5 Things Jenga Can Teach Us About Structural Engineering

No, you don't need a degree in structural engineering to win at Jenga, but it sure seems that way sometimes, doesn't it?
No, you don't need a degree in structural engineering to win at Jenga, but it sure seems that way sometimes, doesn't it?
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Humans are natural-born structural engineers. If you find that hard to believe, watch a small child play with a set of simple wooden blocks. With no outside instruction -- and through lots of energetic trial and error -- he or she will eventually learn that the most stable way to build upward is to place a horizontal beam across two vertical columns.

The child's intuitive logic is the same that inspired the Mycenaean architects of the 13th century B.C.E. to construct the famous Lion Gate out of two stone columns and a slightly arched beam. It's the same structural savvy that told the ancient Egyptians that if you want to build something tall out of stone, you need to start wide at the base. And it's that same natural-born engineer in all of us that says, "Dude, if you want to win at Jenga, don't leave a single support at the bottom of the tower!"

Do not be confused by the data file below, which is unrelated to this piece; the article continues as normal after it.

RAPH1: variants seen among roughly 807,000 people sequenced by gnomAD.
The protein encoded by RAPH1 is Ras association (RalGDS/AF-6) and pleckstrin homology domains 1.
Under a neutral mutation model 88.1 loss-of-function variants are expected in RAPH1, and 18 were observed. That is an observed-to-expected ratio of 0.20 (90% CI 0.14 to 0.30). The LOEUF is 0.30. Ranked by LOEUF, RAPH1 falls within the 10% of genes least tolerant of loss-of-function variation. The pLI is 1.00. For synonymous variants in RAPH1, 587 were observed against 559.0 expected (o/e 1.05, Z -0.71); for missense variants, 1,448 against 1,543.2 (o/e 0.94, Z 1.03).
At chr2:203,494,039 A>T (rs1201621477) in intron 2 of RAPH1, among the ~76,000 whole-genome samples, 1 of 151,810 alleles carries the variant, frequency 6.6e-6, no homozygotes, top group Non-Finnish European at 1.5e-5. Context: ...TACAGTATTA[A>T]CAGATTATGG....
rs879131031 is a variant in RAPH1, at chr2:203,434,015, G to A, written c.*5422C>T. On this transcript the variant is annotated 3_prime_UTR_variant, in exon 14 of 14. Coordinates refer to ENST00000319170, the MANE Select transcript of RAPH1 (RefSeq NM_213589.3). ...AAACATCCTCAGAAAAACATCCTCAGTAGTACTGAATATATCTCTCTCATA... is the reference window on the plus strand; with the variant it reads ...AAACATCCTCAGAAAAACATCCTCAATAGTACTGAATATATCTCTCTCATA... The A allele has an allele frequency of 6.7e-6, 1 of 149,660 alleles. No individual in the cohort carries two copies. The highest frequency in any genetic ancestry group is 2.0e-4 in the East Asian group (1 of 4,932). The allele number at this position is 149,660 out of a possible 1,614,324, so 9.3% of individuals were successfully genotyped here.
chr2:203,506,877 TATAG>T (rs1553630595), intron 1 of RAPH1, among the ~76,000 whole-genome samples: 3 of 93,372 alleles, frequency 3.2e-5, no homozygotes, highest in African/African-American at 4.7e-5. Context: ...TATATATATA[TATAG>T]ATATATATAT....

Jenga is one of the most popular games in the world, third only to Monopoly and Scrabble in the number of units sold [source: Little]. The object of the game is simple: You start with a stack of 54 blocks -- three blocks across, 18 levels high. Each level of blocks should be perpendicular to the level below it. Each player must remove a block from near the bottom of the tower and place it on the top using only one hand at a time. Eventually the tower becomes dangerously unstable. If you're the one who finally knocks it over, you lose.

Jenga was invented by Leslie Scott, a British citizen born and raised in Kenya and Tanzania. (Jenga means "build" in Swahili.) Scott played the game with her family in Africa for years; she eventually left a job with Intel to launch Jenga at a 1983 toy fair, where it became an instant gaming phenomenon [source: Little].

Part of Jenga's charm is its simplicity; nothing but wooden blocks and gravity. But even this simple game can teach us a lot about the more complex world of structural engineering. Buildings, after all, are vulnerable to the same forces that can topple a Jenga tower -- forces like loads, tension, compression, torsion and more. An accidental bump of the game table is an excellent scale version of a catastrophic earthquake.

Let's start our exploration of the structural engineering of Jenga with a look at loads.